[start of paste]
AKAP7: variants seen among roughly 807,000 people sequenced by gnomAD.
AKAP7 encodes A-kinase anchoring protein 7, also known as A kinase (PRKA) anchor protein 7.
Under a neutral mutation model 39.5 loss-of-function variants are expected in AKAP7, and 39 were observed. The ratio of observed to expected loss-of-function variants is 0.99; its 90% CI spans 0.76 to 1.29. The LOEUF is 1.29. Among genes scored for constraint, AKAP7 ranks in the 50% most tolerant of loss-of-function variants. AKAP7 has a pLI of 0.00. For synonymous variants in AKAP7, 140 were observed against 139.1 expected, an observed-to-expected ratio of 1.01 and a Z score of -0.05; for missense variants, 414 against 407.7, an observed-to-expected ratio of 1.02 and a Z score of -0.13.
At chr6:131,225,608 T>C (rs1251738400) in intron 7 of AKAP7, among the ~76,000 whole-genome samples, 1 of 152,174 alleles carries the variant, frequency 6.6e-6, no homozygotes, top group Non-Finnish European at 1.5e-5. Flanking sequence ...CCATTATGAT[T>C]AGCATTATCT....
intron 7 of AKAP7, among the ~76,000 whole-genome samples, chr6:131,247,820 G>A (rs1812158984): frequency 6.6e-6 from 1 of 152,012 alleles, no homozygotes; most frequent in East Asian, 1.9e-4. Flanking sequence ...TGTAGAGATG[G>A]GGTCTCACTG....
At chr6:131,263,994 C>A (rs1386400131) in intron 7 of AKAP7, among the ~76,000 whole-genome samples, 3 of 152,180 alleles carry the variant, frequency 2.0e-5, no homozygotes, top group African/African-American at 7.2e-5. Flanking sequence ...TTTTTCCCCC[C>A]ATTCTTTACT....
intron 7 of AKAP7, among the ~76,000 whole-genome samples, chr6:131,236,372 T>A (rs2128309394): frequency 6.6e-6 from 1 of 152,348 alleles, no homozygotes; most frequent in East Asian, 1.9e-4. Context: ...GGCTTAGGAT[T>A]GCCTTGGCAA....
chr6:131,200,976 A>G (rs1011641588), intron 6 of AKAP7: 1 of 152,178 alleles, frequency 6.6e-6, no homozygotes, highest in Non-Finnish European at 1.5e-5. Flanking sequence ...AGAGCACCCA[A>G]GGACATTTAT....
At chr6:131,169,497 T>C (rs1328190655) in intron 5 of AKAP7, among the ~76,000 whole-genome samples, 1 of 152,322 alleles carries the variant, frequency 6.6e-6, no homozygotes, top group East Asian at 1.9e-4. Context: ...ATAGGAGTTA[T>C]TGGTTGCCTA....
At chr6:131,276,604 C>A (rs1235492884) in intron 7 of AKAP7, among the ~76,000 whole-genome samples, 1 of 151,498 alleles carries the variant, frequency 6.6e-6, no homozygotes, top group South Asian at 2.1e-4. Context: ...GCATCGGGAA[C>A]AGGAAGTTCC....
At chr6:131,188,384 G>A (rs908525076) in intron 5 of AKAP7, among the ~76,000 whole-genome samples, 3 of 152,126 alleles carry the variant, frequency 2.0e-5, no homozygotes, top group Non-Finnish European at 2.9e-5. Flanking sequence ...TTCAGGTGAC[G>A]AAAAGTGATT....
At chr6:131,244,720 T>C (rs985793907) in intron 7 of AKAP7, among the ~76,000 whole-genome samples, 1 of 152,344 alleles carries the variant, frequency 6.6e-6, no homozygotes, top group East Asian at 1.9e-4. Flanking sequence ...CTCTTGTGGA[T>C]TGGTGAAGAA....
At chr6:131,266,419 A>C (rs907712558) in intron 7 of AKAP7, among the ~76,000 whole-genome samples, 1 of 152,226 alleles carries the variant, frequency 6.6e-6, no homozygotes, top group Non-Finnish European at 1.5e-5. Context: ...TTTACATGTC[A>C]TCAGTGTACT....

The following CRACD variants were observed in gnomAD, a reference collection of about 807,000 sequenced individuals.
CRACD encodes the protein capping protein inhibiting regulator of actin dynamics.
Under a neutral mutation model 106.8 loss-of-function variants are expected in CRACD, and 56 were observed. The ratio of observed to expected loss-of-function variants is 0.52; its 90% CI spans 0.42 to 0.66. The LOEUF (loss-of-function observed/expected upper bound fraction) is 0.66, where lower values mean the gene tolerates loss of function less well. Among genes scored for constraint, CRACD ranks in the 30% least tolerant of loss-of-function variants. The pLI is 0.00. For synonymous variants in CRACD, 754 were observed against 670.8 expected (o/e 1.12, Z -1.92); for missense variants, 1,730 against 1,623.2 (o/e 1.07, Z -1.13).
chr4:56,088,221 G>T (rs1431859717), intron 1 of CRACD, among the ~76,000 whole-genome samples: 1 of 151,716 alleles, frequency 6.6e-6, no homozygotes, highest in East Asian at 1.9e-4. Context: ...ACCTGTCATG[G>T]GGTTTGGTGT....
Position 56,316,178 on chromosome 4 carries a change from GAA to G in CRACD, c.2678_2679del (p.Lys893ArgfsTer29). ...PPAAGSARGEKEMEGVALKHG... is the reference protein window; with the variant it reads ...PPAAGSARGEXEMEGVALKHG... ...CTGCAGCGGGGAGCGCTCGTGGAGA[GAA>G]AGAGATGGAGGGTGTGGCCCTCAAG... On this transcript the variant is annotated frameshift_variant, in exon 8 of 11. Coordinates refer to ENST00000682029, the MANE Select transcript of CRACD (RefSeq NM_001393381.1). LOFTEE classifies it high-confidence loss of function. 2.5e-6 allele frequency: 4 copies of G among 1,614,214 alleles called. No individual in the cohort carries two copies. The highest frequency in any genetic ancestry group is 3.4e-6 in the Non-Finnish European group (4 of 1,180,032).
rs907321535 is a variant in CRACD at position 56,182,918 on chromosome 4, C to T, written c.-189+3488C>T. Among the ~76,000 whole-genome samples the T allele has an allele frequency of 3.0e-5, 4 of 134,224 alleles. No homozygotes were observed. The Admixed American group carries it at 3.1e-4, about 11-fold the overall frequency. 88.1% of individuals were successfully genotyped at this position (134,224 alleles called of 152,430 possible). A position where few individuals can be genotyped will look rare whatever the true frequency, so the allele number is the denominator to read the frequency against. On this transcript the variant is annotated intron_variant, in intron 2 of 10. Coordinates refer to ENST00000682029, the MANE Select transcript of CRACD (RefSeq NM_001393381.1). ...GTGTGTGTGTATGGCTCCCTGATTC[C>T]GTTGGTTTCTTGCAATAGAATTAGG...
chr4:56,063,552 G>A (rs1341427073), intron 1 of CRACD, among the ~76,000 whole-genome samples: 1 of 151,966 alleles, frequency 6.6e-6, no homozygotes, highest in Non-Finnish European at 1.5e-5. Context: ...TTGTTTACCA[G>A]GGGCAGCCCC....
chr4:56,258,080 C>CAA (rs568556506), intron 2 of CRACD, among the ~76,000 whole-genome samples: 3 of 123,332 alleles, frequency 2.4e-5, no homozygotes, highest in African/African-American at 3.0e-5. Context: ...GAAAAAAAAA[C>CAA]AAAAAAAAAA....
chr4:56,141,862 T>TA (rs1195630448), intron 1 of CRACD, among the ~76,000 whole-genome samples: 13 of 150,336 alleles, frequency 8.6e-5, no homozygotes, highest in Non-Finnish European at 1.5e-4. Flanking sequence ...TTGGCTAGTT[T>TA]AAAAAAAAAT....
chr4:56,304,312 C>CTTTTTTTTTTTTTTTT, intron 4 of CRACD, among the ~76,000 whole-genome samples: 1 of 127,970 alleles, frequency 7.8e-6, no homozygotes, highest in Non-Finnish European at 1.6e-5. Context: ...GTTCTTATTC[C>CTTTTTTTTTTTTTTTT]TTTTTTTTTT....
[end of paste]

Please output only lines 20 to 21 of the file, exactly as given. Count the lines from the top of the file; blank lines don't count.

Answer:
chr4:56,063,552 G>A (rs1341427073), intron 1 of CRACD, among the ~76,000 whole-genome samples: 1 of 151,966 alleles, frequency 6.6e-6, no homozygotes, highest in Non-Finnish European at 1.5e-5. Context: ...TTGTTTACCA[G>A]GGGCAGCCCC....
chr4:56,258,080 C>CAA (rs568556506), intron 2 of CRACD, among the ~76,000 whole-genome samples: 3 of 123,332 alleles, frequency 2.4e-5, no homozygotes, highest in African/African-American at 3.0e-5. Context: ...GAAAAAAAAA[C>CAA]AAAAAAAAAA....